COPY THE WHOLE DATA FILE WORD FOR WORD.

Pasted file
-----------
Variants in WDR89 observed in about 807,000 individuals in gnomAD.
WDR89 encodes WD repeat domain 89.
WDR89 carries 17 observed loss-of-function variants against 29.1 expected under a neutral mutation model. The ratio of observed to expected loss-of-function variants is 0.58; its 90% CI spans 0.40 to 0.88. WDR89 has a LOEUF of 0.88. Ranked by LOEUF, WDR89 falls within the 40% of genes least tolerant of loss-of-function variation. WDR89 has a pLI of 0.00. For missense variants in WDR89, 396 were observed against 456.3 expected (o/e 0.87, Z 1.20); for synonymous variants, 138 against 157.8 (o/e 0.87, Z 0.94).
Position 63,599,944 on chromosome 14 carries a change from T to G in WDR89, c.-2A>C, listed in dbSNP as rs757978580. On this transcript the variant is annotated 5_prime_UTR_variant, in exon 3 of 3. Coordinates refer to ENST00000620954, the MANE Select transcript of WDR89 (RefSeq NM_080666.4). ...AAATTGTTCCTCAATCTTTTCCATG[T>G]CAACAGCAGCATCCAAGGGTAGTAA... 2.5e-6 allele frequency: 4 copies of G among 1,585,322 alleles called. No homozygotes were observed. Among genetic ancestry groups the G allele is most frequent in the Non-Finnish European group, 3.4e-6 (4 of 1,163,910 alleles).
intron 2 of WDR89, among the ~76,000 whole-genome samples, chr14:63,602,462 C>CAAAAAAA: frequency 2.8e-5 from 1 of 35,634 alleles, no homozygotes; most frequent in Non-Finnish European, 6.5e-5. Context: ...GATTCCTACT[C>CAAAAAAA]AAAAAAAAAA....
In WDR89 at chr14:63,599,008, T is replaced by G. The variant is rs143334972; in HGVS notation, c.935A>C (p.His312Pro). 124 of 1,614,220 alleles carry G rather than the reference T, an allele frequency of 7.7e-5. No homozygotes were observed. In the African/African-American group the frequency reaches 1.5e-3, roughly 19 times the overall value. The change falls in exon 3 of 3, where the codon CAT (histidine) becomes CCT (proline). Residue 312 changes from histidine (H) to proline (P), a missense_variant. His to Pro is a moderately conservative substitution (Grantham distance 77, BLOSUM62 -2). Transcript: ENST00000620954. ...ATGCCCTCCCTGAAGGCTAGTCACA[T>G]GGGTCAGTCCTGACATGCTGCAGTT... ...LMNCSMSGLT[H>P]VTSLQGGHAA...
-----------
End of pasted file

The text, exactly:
Variants in WDR89 observed in about 807,000 individuals in gnomAD.
WDR89 encodes WD repeat domain 89.
WDR89 carries 17 observed loss-of-function variants against 29.1 expected under a neutral mutation model. The ratio of observed to expected loss-of-function variants is 0.58; its 90% CI spans 0.40 to 0.88. WDR89 has a LOEUF of 0.88. Ranked by LOEUF, WDR89 falls within the 40% of genes least tolerant of loss-of-function variation. WDR89 has a pLI of 0.00. For missense variants in WDR89, 396 were observed against 456.3 expected (o/e 0.87, Z 1.20); for synonymous variants, 138 against 157.8 (o/e 0.87, Z 0.94).
Position 63,599,944 on chromosome 14 carries a change from T to G in WDR89, c.-2A>C, listed in dbSNP as rs757978580. On this transcript the variant is annotated 5_prime_UTR_variant, in exon 3 of 3. Coordinates refer to ENST00000620954, the MANE Select transcript of WDR89 (RefSeq NM_080666.4). ...AAATTGTTCCTCAATCTTTTCCATG[T>G]CAACAGCAGCATCCAAGGGTAGTAA... 2.5e-6 allele frequency: 4 copies of G among 1,585,322 alleles called. No homozygotes were observed. Among genetic ancestry groups the G allele is most frequent in the Non-Finnish European group, 3.4e-6 (4 of 1,163,910 alleles).
intron 2 of WDR89, among the ~76,000 whole-genome samples, chr14:63,602,462 C>CAAAAAAA: frequency 2.8e-5 from 1 of 35,634 alleles, no homozygotes; most frequent in Non-Finnish European, 6.5e-5. Context: ...GATTCCTACT[C>CAAAAAAA]AAAAAAAAAA....
In WDR89 at chr14:63,599,008, T is replaced by G. The variant is rs143334972; in HGVS notation, c.935A>C (p.His312Pro). 124 of 1,614,220 alleles carry G rather than the reference T, an allele frequency of 7.7e-5. No homozygotes were observed. In the African/African-American group the frequency reaches 1.5e-3, roughly 19 times the overall value. The change falls in exon 3 of 3, where the codon CAT (histidine) becomes CCT (proline). Residue 312 changes from histidine (H) to proline (P), a missense_variant. His to Pro is a moderately conservative substitution (Grantham distance 77, BLOSUM62 -2). Transcript: ENST00000620954. ...ATGCCCTCCCTGAAGGCTAGTCACA[T>G]GGGTCAGTCCTGACATGCTGCAGTT... ...LMNCSMSGLT[H>P]VTSLQGGHAA...